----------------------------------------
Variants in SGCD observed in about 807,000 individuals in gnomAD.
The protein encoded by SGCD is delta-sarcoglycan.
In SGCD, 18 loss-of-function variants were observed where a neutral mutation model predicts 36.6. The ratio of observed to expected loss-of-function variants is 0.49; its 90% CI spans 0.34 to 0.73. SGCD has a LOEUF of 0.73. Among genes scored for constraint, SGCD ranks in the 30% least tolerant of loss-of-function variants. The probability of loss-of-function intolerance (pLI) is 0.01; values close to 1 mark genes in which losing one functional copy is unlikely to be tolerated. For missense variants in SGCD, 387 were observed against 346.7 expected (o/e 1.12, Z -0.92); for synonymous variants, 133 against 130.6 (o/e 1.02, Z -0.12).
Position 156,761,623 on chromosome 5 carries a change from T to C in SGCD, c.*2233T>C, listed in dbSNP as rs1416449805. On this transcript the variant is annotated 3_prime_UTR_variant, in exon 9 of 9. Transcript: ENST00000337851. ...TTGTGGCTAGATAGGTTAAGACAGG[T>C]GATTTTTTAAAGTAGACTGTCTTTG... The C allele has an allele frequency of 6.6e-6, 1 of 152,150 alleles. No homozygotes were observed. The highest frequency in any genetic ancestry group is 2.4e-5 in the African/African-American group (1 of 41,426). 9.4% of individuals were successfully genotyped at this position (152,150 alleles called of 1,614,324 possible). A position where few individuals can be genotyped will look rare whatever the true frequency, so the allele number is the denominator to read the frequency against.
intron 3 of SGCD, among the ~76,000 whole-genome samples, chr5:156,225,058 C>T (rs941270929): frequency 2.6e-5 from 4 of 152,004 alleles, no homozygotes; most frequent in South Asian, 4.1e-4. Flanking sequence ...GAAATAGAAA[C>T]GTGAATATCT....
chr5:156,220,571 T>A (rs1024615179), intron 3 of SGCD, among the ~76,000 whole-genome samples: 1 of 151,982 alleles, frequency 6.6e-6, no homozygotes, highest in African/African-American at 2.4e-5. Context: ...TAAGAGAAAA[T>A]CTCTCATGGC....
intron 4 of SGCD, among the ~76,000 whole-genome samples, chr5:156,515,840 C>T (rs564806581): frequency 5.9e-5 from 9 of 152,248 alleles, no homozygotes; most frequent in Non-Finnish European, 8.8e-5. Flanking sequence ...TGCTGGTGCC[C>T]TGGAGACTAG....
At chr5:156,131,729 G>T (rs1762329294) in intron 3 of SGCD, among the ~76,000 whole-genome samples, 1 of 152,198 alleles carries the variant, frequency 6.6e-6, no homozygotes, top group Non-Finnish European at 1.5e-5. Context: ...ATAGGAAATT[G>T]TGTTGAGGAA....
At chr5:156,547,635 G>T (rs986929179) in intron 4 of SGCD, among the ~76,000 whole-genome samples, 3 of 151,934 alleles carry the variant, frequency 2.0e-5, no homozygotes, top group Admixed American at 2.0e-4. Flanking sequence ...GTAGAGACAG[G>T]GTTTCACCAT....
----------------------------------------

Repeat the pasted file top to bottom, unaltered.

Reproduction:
Variants in SGCD observed in about 807,000 individuals in gnomAD.
The protein encoded by SGCD is delta-sarcoglycan.
In SGCD, 18 loss-of-function variants were observed where a neutral mutation model predicts 36.6. The ratio of observed to expected loss-of-function variants is 0.49; its 90% CI spans 0.34 to 0.73. SGCD has a LOEUF of 0.73. Among genes scored for constraint, SGCD ranks in the 30% least tolerant of loss-of-function variants. The probability of loss-of-function intolerance (pLI) is 0.01; values close to 1 mark genes in which losing one functional copy is unlikely to be tolerated. For missense variants in SGCD, 387 were observed against 346.7 expected (o/e 1.12, Z -0.92); for synonymous variants, 133 against 130.6 (o/e 1.02, Z -0.12).
Position 156,761,623 on chromosome 5 carries a change from T to C in SGCD, c.*2233T>C, listed in dbSNP as rs1416449805. On this transcript the variant is annotated 3_prime_UTR_variant, in exon 9 of 9. Transcript: ENST00000337851. ...TTGTGGCTAGATAGGTTAAGACAGG[T>C]GATTTTTTAAAGTAGACTGTCTTTG... The C allele has an allele frequency of 6.6e-6, 1 of 152,150 alleles. No homozygotes were observed. The highest frequency in any genetic ancestry group is 2.4e-5 in the African/African-American group (1 of 41,426). 9.4% of individuals were successfully genotyped at this position (152,150 alleles called of 1,614,324 possible). A position where few individuals can be genotyped will look rare whatever the true frequency, so the allele number is the denominator to read the frequency against.
intron 3 of SGCD, among the ~76,000 whole-genome samples, chr5:156,225,058 C>T (rs941270929): frequency 2.6e-5 from 4 of 152,004 alleles, no homozygotes; most frequent in South Asian, 4.1e-4. Flanking sequence ...GAAATAGAAA[C>T]GTGAATATCT....
chr5:156,220,571 T>A (rs1024615179), intron 3 of SGCD, among the ~76,000 whole-genome samples: 1 of 151,982 alleles, frequency 6.6e-6, no homozygotes, highest in African/African-American at 2.4e-5. Context: ...TAAGAGAAAA[T>A]CTCTCATGGC....
intron 4 of SGCD, among the ~76,000 whole-genome samples, chr5:156,515,840 C>T (rs564806581): frequency 5.9e-5 from 9 of 152,248 alleles, no homozygotes; most frequent in Non-Finnish European, 8.8e-5. Flanking sequence ...TGCTGGTGCC[C>T]TGGAGACTAG....
At chr5:156,131,729 G>T (rs1762329294) in intron 3 of SGCD, among the ~76,000 whole-genome samples, 1 of 152,198 alleles carries the variant, frequency 6.6e-6, no homozygotes, top group Non-Finnish European at 1.5e-5. Context: ...ATAGGAAATT[G>T]TGTTGAGGAA....
At chr5:156,547,635 G>T (rs986929179) in intron 4 of SGCD, among the ~76,000 whole-genome samples, 3 of 151,934 alleles carry the variant, frequency 2.0e-5, no homozygotes, top group Admixed American at 2.0e-4. Flanking sequence ...GTAGAGACAG[G>T]GTTTCACCAT....